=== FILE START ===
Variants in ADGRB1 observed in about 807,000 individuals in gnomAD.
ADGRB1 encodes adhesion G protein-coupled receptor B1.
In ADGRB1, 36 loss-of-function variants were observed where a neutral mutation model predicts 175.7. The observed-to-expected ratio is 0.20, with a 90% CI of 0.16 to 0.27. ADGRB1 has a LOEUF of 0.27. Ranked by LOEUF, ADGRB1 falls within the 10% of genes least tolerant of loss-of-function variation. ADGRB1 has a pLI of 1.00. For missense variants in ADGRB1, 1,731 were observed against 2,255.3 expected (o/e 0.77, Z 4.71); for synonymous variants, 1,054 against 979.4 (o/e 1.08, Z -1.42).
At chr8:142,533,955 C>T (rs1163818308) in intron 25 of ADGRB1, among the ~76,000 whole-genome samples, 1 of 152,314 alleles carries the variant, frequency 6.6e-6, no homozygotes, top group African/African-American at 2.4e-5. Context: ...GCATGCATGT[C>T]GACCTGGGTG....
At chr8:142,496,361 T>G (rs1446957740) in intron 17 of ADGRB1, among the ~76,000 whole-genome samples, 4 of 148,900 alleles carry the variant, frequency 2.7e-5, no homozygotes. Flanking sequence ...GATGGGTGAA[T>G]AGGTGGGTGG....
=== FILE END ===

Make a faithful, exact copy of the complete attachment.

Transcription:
Variants in ADGRB1 observed in about 807,000 individuals in gnomAD.
ADGRB1 encodes adhesion G protein-coupled receptor B1.
In ADGRB1, 36 loss-of-function variants were observed where a neutral mutation model predicts 175.7. The observed-to-expected ratio is 0.20, with a 90% CI of 0.16 to 0.27. ADGRB1 has a LOEUF of 0.27. Ranked by LOEUF, ADGRB1 falls within the 10% of genes least tolerant of loss-of-function variation. ADGRB1 has a pLI of 1.00. For missense variants in ADGRB1, 1,731 were observed against 2,255.3 expected (o/e 0.77, Z 4.71); for synonymous variants, 1,054 against 979.4 (o/e 1.08, Z -1.42).
At chr8:142,533,955 C>T (rs1163818308) in intron 25 of ADGRB1, among the ~76,000 whole-genome samples, 1 of 152,314 alleles carries the variant, frequency 6.6e-6, no homozygotes, top group African/African-American at 2.4e-5. Context: ...GCATGCATGT[C>T]GACCTGGGTG....
At chr8:142,496,361 T>G (rs1446957740) in intron 17 of ADGRB1, among the ~76,000 whole-genome samples, 4 of 148,900 alleles carry the variant, frequency 2.7e-5, no homozygotes. Flanking sequence ...GATGGGTGAA[T>G]AGGTGGGTGG....